In June, I loaded a book my husband wanted to read onto the nook and handed it to him. My plan was to get him to use it so I could stop feeling guilt about the $270 I flushed down the digital drain. He’s never been much of a reader and he’s even less of a “techie” type person—-let’s just say I still type out and send email for him—-but he was willing to give it a shot.
In the four months since I first handed him the nook, my husband has read more books than he’s read in the last…five years? He keeps bringing it to me and telling me it’s out of books. (With the two different book folders and the airplane mode and less than ideal book-browsing conditions via the device, I’m still the “manager”. I grab books on the Mac and send them over.)
I know from watching him with it what a part of the appeal is. He’s a master electrician and he’s got big, callused working man’s hands so he’s not comfortable with fragile electronics. But the nook’s pretty solid and, wrapped in the Executive cover from M-Edge folded back on itself (which I found too bulky), it feels right in his hands. He’s not afraid to grip it.
But what about the device turned my husband from an occasional reader—-the new Reacher or Davenport books mostly—-into a reader so voracious I’m, for the first time, on the short end of the “shut up, I’m trying to read” stick? I don’t know and he’s not a man of many words. I’ve been poking at him, trying to get him to articulate what he likes about it and he said:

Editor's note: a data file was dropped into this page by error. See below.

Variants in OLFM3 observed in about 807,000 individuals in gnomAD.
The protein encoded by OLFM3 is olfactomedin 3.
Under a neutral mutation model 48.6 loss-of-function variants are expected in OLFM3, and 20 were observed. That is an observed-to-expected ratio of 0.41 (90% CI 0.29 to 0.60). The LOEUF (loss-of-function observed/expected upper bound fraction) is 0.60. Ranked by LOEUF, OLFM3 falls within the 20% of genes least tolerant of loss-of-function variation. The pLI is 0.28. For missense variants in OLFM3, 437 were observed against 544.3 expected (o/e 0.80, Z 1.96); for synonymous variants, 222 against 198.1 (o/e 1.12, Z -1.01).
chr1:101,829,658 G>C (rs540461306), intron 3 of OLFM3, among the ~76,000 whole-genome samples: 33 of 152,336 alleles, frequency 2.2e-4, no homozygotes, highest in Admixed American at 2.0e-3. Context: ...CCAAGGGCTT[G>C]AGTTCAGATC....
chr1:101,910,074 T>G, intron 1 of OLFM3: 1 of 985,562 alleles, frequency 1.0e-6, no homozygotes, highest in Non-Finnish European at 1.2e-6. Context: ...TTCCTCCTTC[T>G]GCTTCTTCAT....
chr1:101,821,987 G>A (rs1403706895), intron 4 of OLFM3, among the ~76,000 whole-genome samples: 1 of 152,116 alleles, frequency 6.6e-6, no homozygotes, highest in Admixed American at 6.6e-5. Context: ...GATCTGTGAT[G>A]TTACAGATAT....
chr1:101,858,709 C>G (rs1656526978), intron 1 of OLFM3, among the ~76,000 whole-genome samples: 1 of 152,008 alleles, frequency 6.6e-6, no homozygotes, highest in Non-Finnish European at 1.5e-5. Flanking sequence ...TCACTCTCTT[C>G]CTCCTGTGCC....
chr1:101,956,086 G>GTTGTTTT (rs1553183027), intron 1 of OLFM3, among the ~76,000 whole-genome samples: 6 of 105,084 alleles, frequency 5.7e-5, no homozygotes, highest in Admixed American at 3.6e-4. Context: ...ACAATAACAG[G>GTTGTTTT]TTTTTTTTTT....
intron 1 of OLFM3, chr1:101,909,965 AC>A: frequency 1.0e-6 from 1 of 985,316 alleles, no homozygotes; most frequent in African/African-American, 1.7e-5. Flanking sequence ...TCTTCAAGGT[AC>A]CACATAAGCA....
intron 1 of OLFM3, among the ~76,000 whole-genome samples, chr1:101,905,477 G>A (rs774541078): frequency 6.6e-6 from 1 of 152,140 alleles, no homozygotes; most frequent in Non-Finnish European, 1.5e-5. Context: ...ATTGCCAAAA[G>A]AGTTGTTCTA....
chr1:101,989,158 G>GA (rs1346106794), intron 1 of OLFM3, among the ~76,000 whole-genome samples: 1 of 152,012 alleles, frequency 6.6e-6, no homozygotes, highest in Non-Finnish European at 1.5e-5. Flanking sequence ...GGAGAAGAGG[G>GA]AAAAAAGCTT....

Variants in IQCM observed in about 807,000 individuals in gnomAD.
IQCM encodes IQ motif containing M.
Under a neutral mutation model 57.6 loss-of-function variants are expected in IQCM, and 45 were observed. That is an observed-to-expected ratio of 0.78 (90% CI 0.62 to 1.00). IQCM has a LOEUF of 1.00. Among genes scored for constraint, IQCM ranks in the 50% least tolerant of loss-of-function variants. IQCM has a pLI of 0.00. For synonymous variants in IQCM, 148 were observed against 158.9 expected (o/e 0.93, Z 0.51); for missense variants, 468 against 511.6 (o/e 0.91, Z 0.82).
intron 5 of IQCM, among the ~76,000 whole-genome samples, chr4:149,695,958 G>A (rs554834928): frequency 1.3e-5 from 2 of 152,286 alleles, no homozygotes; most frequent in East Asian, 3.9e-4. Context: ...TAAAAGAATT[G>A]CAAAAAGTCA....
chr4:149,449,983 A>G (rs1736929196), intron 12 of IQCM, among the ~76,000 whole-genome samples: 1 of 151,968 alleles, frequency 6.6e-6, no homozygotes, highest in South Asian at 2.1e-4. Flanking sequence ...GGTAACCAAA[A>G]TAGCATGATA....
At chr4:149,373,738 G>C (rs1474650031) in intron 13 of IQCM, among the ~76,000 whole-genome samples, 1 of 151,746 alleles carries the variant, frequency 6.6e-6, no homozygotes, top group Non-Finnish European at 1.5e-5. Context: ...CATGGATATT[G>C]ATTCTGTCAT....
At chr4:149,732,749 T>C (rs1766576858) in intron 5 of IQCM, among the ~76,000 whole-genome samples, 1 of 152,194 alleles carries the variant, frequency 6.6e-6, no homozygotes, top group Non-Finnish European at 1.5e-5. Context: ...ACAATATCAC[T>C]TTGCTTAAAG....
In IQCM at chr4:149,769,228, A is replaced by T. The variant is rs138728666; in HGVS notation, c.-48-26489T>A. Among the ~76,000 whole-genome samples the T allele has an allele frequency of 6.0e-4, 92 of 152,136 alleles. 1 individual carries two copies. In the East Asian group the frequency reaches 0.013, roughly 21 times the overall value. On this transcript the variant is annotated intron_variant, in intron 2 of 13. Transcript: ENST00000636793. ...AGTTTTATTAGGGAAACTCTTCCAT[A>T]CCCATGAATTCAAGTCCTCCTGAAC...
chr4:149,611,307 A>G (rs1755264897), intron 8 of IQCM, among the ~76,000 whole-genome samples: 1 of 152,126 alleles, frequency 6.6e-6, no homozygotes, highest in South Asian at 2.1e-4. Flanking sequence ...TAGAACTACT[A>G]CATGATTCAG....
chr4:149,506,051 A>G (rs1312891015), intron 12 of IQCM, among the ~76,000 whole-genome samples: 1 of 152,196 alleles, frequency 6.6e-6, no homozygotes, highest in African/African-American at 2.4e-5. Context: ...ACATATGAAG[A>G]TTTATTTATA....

“How the hell should I know? It’s like sex—-it’s either good or it’s bad and men don’t really care why. Now leave me the hell alone. I’m reading.”
But under duress (as in, I swore if he didn’t help me, I wouldn’t put any more books on the nook), he came up with a few things. He thinks it’s light. Besides the fact he has big, tough hands and I have girly hands, I think the disparity in our perception of its weight could also be due to the fact that, pre-digital, I read mostly mass market paperbacks (and a lot of those were shorter category romances) while he reads mostly hardcover thrillers. Even with the case and light, he says the nook’s lighter than a hardcover.
He likes the adjustable font. The one he uses is just a slightly larger than a standard print book’s, but it makes a difference. He also likes the fact there’s neither a bookmark to lose nor pages to crease when he falls asleep reading in his chair. When he goes to sleep, so does the nook. He also says the light (the M-Edge e-Luminator2) doesn’t glare on the e-ink screen like it does off paper or need to be fiddled with when reading two side-by-side pages in a print book..
So to recap, the nook wasn’t a big hit for me, but it wasn’t really the nook’s fault. I thought the grass would be greener on the e-ink side of the fence, but I couldn’t give up my iPod Touch habit. For my husband, however, the nook was nothing short of revolutionary.
I’m not the most tech-savvy woman on the planet—-hell, probably not even on my block—-but I’d be happy to answer any questions about the nook. Except why they didn’t capitalize the name of their product. That I don’t know.
Do you have a Nook? Do you like it? What caused you to choose that reading device over the others? Nook fans, and Nook-curious (I can’t take this name any more, I swear), here’s your opportunity: let’s talk Nook.